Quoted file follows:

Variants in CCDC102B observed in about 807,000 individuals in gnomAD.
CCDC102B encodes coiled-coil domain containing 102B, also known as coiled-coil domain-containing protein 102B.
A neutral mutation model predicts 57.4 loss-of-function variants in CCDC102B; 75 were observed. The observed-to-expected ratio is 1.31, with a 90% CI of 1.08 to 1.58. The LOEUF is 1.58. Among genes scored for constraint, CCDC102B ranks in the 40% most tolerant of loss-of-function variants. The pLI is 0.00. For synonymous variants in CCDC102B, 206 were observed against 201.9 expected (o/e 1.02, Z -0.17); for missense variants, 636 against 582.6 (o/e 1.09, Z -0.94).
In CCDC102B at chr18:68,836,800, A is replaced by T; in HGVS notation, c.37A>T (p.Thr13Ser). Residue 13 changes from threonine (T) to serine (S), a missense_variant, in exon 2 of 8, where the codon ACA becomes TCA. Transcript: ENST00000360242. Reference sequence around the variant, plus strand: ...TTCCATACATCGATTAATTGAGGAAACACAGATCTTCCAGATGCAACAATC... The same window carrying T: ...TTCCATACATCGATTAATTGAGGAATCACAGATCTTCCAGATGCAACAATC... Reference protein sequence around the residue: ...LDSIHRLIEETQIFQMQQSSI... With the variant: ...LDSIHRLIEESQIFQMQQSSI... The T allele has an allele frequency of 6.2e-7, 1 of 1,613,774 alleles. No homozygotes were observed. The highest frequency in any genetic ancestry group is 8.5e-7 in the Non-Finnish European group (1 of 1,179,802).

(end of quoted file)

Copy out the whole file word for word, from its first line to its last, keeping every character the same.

Variants in CCDC102B observed in about 807,000 individuals in gnomAD.
CCDC102B encodes coiled-coil domain containing 102B, also known as coiled-coil domain-containing protein 102B.
A neutral mutation model predicts 57.4 loss-of-function variants in CCDC102B; 75 were observed. The observed-to-expected ratio is 1.31, with a 90% CI of 1.08 to 1.58. The LOEUF is 1.58. Among genes scored for constraint, CCDC102B ranks in the 40% most tolerant of loss-of-function variants. The pLI is 0.00. For synonymous variants in CCDC102B, 206 were observed against 201.9 expected (o/e 1.02, Z -0.17); for missense variants, 636 against 582.6 (o/e 1.09, Z -0.94).
In CCDC102B at chr18:68,836,800, A is replaced by T; in HGVS notation, c.37A>T (p.Thr13Ser). Residue 13 changes from threonine (T) to serine (S), a missense_variant, in exon 2 of 8, where the codon ACA becomes TCA. Transcript: ENST00000360242. Reference sequence around the variant, plus strand: ...TTCCATACATCGATTAATTGAGGAAACACAGATCTTCCAGATGCAACAATC... The same window carrying T: ...TTCCATACATCGATTAATTGAGGAATCACAGATCTTCCAGATGCAACAATC... Reference protein sequence around the residue: ...LDSIHRLIEETQIFQMQQSSI... With the variant: ...LDSIHRLIEESQIFQMQQSSI... The T allele has an allele frequency of 6.2e-7, 1 of 1,613,774 alleles. No homozygotes were observed. The highest frequency in any genetic ancestry group is 8.5e-7 in the Non-Finnish European group (1 of 1,179,802).